Setting Boundaries With A Loved One In Recovery

Setting boundaries can help people with substance use disorders and their loved ones focus on common goals. This foundation can help your loved one overcome substance abuse and achieve long-term recovery.

Like other mental illnesses, substance use disorders affect every area of a person’s life, from their relationships to their overall health and well-being.

A natural reaction to seeing a loved one experience the challenging and sometimes devastating effects of addiction can be to do anything to help.

However, it isn’t always easy to know what to do. Setting boundaries can provide a foundation that the person with the addiction and their loved ones can rely on.

Boundaries can help people heal from addiction while lessening the negative effects of addiction on family members or other loved ones.

Why Set Boundaries?

Setting boundaries helps protect your own health and well-being so that you can provide the encouragement your loved one needs to get into recovery or stay on the path.

For Your Own Health And Well-Being

According to the American Psychological Association, family members of people with an addiction often show deteriorated interpersonal and psychological functioning.

This can be exhibited as increased stress and interpersonal conflict, problems with social adjustment and family cohesion, and more.

Family members also sometimes have to deal with legal or financial issues caused by substance abuse.

Friends may experience these repercussions to a similar or lesser extent, depending on the relationship, but boundaries can help reduce conflict and other stresses caused by addiction.

They can also help the person stay on the path to recovery and even save the friendship.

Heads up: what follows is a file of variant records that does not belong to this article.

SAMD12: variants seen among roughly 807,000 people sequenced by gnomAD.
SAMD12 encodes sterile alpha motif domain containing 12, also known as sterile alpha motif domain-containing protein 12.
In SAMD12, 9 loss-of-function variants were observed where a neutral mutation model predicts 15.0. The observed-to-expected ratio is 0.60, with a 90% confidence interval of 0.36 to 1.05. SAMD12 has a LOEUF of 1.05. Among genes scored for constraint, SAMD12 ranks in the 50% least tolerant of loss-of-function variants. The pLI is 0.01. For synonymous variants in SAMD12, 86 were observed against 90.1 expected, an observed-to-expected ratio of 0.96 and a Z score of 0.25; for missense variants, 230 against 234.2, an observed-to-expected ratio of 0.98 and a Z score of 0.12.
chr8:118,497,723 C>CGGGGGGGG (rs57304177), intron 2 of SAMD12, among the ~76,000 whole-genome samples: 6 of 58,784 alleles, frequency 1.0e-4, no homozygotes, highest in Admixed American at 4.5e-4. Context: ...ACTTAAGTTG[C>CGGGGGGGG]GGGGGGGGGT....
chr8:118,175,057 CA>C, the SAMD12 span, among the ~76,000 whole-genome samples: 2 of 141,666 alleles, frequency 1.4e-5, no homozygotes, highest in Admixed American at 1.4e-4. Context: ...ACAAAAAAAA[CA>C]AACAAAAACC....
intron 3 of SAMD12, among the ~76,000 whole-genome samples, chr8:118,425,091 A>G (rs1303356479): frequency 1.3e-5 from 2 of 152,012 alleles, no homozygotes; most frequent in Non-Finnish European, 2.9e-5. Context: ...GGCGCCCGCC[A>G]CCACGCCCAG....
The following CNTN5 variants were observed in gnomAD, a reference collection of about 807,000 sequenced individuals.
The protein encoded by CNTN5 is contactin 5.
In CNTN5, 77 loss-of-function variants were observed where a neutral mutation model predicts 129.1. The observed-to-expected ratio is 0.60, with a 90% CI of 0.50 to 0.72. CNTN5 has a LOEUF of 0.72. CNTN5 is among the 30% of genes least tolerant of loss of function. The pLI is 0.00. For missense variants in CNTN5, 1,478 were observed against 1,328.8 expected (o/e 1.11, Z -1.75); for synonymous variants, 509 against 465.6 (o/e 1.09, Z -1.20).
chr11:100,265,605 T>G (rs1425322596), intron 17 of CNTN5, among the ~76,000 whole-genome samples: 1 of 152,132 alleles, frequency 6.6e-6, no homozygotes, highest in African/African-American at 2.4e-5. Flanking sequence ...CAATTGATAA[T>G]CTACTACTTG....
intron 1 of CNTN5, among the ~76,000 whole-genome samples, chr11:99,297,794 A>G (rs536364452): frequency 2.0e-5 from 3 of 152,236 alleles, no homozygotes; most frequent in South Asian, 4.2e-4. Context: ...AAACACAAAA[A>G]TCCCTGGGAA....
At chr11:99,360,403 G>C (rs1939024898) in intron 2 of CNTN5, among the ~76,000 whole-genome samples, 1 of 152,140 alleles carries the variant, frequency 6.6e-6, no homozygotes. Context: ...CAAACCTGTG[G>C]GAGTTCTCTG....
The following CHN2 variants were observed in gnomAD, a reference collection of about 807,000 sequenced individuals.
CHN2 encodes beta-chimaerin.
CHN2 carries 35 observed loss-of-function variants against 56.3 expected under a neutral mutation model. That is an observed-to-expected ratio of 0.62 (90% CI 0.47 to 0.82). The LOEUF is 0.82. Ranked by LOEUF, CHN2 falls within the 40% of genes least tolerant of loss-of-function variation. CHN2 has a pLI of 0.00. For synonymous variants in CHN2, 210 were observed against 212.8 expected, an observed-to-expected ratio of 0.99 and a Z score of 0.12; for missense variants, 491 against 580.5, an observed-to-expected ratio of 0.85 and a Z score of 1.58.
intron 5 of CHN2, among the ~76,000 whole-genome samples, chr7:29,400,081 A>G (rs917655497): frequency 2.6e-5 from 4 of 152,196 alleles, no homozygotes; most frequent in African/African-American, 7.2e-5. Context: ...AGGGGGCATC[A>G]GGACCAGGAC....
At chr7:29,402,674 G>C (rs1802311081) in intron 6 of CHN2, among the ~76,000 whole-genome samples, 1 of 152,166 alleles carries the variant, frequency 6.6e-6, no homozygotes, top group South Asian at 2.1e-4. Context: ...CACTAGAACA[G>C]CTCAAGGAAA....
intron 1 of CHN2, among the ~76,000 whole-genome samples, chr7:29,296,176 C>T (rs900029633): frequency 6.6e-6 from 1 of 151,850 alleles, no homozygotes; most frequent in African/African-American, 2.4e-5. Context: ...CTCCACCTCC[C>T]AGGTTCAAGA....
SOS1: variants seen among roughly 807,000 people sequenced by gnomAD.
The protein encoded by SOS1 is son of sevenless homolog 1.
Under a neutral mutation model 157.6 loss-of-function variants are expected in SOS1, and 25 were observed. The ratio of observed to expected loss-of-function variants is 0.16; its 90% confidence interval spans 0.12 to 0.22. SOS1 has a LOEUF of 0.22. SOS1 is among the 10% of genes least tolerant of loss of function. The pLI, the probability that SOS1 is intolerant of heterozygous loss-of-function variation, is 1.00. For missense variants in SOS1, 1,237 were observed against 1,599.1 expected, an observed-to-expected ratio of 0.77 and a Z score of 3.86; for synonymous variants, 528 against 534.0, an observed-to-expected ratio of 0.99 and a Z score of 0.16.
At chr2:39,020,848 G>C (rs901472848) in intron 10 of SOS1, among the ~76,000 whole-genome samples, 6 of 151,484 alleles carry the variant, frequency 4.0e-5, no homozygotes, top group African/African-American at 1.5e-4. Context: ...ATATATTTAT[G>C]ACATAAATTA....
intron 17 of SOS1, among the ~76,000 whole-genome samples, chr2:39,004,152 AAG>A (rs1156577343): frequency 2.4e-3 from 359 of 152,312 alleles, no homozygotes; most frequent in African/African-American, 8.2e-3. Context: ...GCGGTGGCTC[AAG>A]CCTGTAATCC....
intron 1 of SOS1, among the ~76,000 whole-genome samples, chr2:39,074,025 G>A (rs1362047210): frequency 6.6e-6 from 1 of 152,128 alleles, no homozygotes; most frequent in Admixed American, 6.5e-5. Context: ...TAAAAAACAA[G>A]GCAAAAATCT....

For Your Loved One’s Health And Well-Being

A recent review of research noted that people who were able to maintain long-term sobriety named having the support of family, friends, and peers as a critical factor of their success.

Setting boundaries might mean the difference between being able to offer that support or not. It can also give your loved one something to lose, in terms of your support.

Having something to lose was another factor that the study revealed helped prevent people from relapsing, whether it was an important relationship, a job, or their freedom.

Reframing The Idea Of Boundaries

Loved ones often will want to do anything they can to help their family member or friend recover from substance abuse.

Setting boundaries might feel like a restrictive behavior at first but ultimately is a way to show compassion for yourself and your loved one and support their long-term recovery.

Instead of thinking of boundaries like a fence between you and your loved one, think of them like a fence surrounding a seed that you have planted and will care for together.

That seed of recovery will benefit from both protection from detrimental elements and exposure to healthy elements.

The Addiction Treatment Boundary

This key boundary might look like talking openly about the issue, encouraging your loved one to seek treatment, and helping them stick to the treatment plan.

Addiction is a treatable disease, and recovery is possible but often only if the person gets the professional help they need. Let them know that you can’t provide that help.

Treatment is even more critical in recent years, when the numbers of people dying from overdoses and excessive alcohol use have seen record highs and fewer people have been seeking addiction treatment.